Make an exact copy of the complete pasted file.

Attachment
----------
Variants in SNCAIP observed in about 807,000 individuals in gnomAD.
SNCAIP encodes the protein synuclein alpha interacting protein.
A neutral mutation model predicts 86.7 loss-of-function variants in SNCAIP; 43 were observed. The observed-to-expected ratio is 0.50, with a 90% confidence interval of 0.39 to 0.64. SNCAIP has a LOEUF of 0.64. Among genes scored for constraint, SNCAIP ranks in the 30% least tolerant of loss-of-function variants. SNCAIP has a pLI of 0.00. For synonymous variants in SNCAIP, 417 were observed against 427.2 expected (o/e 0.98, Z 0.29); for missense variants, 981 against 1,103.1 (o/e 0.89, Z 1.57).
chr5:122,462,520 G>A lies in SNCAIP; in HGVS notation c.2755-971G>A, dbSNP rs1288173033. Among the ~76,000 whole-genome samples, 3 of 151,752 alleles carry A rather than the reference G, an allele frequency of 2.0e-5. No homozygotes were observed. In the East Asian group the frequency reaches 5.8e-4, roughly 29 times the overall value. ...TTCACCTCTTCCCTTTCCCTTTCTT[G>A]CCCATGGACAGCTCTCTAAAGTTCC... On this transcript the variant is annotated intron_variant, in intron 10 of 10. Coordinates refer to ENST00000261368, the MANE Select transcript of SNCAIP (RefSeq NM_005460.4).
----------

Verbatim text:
Variants in SNCAIP observed in about 807,000 individuals in gnomAD.
SNCAIP encodes the protein synuclein alpha interacting protein.
A neutral mutation model predicts 86.7 loss-of-function variants in SNCAIP; 43 were observed. The observed-to-expected ratio is 0.50, with a 90% confidence interval of 0.39 to 0.64. SNCAIP has a LOEUF of 0.64. Among genes scored for constraint, SNCAIP ranks in the 30% least tolerant of loss-of-function variants. SNCAIP has a pLI of 0.00. For synonymous variants in SNCAIP, 417 were observed against 427.2 expected (o/e 0.98, Z 0.29); for missense variants, 981 against 1,103.1 (o/e 0.89, Z 1.57).
chr5:122,462,520 G>A lies in SNCAIP; in HGVS notation c.2755-971G>A, dbSNP rs1288173033. Among the ~76,000 whole-genome samples, 3 of 151,752 alleles carry A rather than the reference G, an allele frequency of 2.0e-5. No homozygotes were observed. In the East Asian group the frequency reaches 5.8e-4, roughly 29 times the overall value. ...TTCACCTCTTCCCTTTCCCTTTCTT[G>A]CCCATGGACAGCTCTCTAAAGTTCC... On this transcript the variant is annotated intron_variant, in intron 10 of 10. Coordinates refer to ENST00000261368, the MANE Select transcript of SNCAIP (RefSeq NM_005460.4).